The Greasy Pole in One Minute

Yesterday afternoon Ben and I biked up to Gloucester where we joined other friends to take in the annual Greasy Pole Competition (read more for Wikipedia). Despite the forecast of thunderstorms, we enjoyed a very pleasant weather for our ride and even after missing our turn in Manchester by the Sea, we still managed to get there in time to watch a good part of the competition. 

Here's a one-minute recap of yesterday's event: 

The Heart and Soul of Places

I spent last Thursday and Friday in Woodstock, VT with a group of people invited by the Orton Foundation to discuss their "Heart and Soul" approach to planning. The invitation seemed to come out of the blue a few months ago, since I was aware of the Orton Foundation's work but not involved with them at all. Apparently they had seen my work on place blogging and wanted to have someone in the group who had experienve thinking about place and technology, but I went into the gathering a bit unsure of what I would have to contribute.

Most of the folks there were planners and community development types, heads of non-profits and foundations, and others with much more experience actually making places. I've just been sitting in front of my computer writing about people who write about places. But I was glad for the chance to hear how they talked about place 


The Orton Family Foundation works to build vibrant and enduring communities. We help small cities and towns articulate, implement and steward their heart and soul assets so that they can adapt to change while enhancing the attributes they value most. The Foundation promotes inclusive, proactive decision-making and land use planning by providing guidance, tools, research, capital and other support to citizens and leaders.  


"The need for a new approach is predicated on our belief that land use planning in America has yeet to live up to its full potential to engage a broad base of local citizens in defining and shaping the future of their communities. The traditional quantitative approach to planning generate and use important data about demographic and economic shifts, but frequently fail to account for the particular ways people relate to their surroundings, and usually ignore or discount the more nuanced information like shared values, beliefs, and quirky customs that strengthen community" 


Bikes Not Bombs Fundraising Ride

I'm excited to be participating in the 21st Annual Bikes Not Bombs (BNB) Bike-A-Thon on June 8th, riding 62 miles to raise money for this fine organization that promotes biking for transportation and community development.

BNB is doing many things right: recycling donated bikes, training city kids to repair bikes, sending bikes to developing countries and fighting to make the city more bike-friendly. What's more, BNB has become the local bike shop that go to when I need repairs.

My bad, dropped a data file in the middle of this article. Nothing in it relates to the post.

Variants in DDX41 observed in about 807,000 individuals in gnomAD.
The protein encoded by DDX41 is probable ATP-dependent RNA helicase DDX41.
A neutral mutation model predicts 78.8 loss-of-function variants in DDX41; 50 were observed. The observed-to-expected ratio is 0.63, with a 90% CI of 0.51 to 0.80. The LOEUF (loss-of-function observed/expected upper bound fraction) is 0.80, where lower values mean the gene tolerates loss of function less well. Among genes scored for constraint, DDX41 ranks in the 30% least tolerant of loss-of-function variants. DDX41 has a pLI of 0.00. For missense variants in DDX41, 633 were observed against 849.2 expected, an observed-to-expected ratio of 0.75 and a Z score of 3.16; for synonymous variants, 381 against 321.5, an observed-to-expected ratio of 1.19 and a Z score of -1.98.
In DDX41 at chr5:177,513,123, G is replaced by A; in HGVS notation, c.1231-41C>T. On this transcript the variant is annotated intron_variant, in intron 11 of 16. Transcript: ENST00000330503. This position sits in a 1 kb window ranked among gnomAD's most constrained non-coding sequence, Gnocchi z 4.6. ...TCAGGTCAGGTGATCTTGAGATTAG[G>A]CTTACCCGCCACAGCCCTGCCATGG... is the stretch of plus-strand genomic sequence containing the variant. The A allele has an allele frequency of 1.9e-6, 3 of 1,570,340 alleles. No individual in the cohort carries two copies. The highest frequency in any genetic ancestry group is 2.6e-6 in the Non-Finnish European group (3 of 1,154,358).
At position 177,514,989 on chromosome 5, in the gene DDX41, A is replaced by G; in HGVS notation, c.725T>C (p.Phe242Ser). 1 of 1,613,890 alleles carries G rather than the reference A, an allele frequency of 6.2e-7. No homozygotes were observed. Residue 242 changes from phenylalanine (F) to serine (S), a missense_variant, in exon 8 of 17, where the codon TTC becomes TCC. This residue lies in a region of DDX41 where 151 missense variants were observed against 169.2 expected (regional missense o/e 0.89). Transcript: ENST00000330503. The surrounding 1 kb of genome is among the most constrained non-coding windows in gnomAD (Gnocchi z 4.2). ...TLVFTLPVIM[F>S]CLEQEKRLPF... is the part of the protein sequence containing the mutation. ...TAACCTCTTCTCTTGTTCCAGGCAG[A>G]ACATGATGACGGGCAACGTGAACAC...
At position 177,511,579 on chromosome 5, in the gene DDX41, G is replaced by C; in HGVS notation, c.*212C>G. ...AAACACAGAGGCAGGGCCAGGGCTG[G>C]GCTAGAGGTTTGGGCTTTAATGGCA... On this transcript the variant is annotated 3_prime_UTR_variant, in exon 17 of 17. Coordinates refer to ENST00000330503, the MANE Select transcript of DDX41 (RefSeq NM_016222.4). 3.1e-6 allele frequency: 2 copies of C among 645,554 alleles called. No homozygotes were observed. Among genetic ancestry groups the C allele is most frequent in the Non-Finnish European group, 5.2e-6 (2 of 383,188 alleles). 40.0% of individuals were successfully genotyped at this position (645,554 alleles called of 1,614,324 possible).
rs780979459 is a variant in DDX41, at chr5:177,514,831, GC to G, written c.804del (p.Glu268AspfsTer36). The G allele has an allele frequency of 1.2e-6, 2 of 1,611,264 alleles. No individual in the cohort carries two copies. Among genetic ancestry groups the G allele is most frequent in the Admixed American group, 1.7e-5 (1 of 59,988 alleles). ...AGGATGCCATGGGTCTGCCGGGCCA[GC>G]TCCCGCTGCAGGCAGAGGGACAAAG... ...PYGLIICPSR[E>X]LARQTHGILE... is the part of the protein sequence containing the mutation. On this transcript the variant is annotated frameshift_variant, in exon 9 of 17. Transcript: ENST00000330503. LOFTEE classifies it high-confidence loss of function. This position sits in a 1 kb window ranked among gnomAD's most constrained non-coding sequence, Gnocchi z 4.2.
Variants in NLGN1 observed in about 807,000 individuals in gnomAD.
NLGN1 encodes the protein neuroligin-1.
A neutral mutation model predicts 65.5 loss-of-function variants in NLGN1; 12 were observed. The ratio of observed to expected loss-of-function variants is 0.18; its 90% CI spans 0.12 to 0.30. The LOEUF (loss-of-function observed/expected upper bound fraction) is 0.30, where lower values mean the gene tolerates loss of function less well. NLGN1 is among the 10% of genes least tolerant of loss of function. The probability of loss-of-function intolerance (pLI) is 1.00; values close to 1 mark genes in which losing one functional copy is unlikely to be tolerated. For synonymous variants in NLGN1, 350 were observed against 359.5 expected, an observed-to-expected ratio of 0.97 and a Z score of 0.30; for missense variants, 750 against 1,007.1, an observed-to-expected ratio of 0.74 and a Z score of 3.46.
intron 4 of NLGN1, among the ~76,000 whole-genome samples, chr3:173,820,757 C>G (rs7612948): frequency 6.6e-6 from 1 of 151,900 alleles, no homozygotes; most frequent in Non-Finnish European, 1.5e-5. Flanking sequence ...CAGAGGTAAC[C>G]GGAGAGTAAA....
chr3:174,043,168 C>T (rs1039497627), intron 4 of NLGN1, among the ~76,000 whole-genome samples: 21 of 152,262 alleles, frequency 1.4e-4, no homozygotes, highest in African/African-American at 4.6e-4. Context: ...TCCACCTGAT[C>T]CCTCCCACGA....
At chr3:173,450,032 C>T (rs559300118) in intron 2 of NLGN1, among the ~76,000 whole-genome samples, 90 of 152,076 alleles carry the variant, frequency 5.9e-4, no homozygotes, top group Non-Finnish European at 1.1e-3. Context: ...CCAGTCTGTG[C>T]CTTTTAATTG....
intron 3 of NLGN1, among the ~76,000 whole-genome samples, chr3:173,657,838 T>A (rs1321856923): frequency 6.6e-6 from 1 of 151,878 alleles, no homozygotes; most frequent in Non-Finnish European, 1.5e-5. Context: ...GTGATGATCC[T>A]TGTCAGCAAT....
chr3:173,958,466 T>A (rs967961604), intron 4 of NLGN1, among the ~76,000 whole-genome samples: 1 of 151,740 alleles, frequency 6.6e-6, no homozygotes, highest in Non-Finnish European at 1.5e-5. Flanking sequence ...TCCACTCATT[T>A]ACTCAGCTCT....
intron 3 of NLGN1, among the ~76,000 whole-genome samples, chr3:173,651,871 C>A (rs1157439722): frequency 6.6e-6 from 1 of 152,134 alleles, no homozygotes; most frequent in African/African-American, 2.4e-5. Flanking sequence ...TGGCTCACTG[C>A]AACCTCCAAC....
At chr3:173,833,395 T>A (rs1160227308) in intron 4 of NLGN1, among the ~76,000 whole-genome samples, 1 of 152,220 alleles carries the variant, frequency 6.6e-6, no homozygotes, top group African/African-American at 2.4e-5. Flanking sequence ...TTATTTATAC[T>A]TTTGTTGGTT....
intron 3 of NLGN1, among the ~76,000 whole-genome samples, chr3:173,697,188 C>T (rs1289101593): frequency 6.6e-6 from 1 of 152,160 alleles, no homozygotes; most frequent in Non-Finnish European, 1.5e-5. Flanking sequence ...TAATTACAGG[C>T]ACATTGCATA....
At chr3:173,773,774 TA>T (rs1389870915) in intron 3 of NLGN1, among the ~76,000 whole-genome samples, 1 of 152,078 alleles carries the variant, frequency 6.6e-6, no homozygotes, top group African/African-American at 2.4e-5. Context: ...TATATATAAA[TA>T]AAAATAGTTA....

Biking may not be the answer to all the worlds problems, but it is an increasingly important lifestyle choice that allows many of us to get where we need to go and to contribute to the health of our communities and the environment.

I'm looking for people to contributing to BNB's work by supporting my ride. If you're able to contribute something, I would really appreciate it.

You can donate securely online at:

Or, if you are local and want to drop it off at my house, or don't mind mailing it, your gift will go farther as a check or cash (BNB pays a 7.35% processing fee for each online donation). Please make the check out to "Bikes Not Bombs", put "Tim Lindgren BAT08" in the memo line, and mail it to me at the address below (or put in my mailbox). Please send me an email to let me know if you are making a donation this way so I can record it properly.

Please make your donations before June 1st.

If you are interested in joining me on the ride (the more the merrier!), there are several distances to choose from: 15, 25, and 62 miles. You can also come by and enjoy the Green Roots Festival! See the Bikes Not Bombs website for more info about the organization and the events on June 8th:

Please forward this email to others whom you think would be interested in supporting Bikes Not Bombs.

Thanks for your support!


My Life with Squirrels

Today Cathy sent me alink to this amazing photo of an albino squirrel near Jamaica pond taken by cottenmanifesto and posted at Loving Nature While Living in the City. Apparently its existence dominated the lunch conversation at her work today.

The life of a squirrel can be a precarious one, as I witnessed earlier this evening when I walked out of my office and was met by a red-tailed hawk standing on the sidewalk, talons firmly around a squirrel it had just killed. After a few moments, it flew away, leaving a small pool of blood on the concrete where it has been standing.

I didn't realize until reading Kevin's blog this week that bikes can also present a fatal hazard to squirrels, as this photo demonstrates: